forest fireThese events are both a) God’s punishment of evil and b) the effects of human evil on the natural and political environment. The are modeled as are other plagues in Revelation on the plagues of Egypt, where the repeated motif is the “hardening” of Pharaoh’s heart, his doomed refusal to admit that the plagues are his responsibility. So it is here. The rulers and citizens of the Roman Empire are blind to the truth that they have brough these disasters upon themselves. God’s punishment of evil is to let it run its course.

The disasters are:

Painful and disfiguring disease; the pollution of the sea with blood so that its creatures all  die; the similar pollution of all fresh water sources; global warming;  chaotic madness of the rulers; the drying up of the great River Euphrates, the ancient boundary of civilization; impending war.

There was a time when disasters such as these would be seen as supernatural impositions, but now, allowing for a measure of poetic exaggeration, they can be seen as the catastrophic effects of human perversity on their planetary ecosystem.

Commitment to wealth and power rather than human welfare has already permitted the spread of diseases which could have been prevented. The sea is polluted not only with the blood of slaughtered creatures but also with other pollutants such as plastic. Yesterday there was a report that 70% of examined gulls had plastic in their stomachs. Fresh clean water is already in short supply even in countries with abundant rain, because it has been made into a commodity. There may be “water wars” in the next decade. Global warming and its horrific consequences for a large part of the earth’s surface is a fact. The pathetic ineptitude of some rulers and the vicious insanity of others has never been more evident than in their response to the present crises in the Middle East and North Africa and the huge movement of populations which has resulted. The boundaries of nations have become almost irrelevant. The threat of war is ever-present. I am not claiming that the ancient prophecy of Revelation is fulfilled in our time, but rather illustrating human capacity to bring about disasters that might be called “apocalyptic.” Most evident of all is the human refusal to see such disasters as warnings and to change their way of life.ocean-pollution-horizontal-gallery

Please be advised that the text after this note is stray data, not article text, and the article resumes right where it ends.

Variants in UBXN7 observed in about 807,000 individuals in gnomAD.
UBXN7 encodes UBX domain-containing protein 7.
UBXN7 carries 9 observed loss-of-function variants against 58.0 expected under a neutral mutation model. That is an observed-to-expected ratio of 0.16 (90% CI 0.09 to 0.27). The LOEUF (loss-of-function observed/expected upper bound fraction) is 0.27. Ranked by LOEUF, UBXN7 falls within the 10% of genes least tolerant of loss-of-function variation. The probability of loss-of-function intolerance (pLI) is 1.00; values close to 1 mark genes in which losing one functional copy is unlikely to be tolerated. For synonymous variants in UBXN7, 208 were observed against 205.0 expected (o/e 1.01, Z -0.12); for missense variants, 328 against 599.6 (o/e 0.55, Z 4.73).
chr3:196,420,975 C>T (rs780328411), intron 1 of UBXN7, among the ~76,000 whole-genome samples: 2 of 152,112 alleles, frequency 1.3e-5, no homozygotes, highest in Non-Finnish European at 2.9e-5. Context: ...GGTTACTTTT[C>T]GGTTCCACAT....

As with the other sequences of seven, the last is a symbol of the ultimate victory of God’s rule. In this case the great empires fall and the wrath of heaven is expressed in thunder, earthquakes and storms of hail. The detail of this final victory is narrated in the subsequent chapters.

The writer imagines that the goodness of God is expressed in the gentleness of the slaughtered Lamb and his followers, who offer their lives in a non-violent struggle against the evil powers; and in His own terrible refusal to control the consequences of evil.  This theology can shock milder believers who live at a distance from catastrophes, but it deals with the desperate questions of those afflicted by them, not least the most ancient and anguished of human cries, “My God, why have you abandoned me?”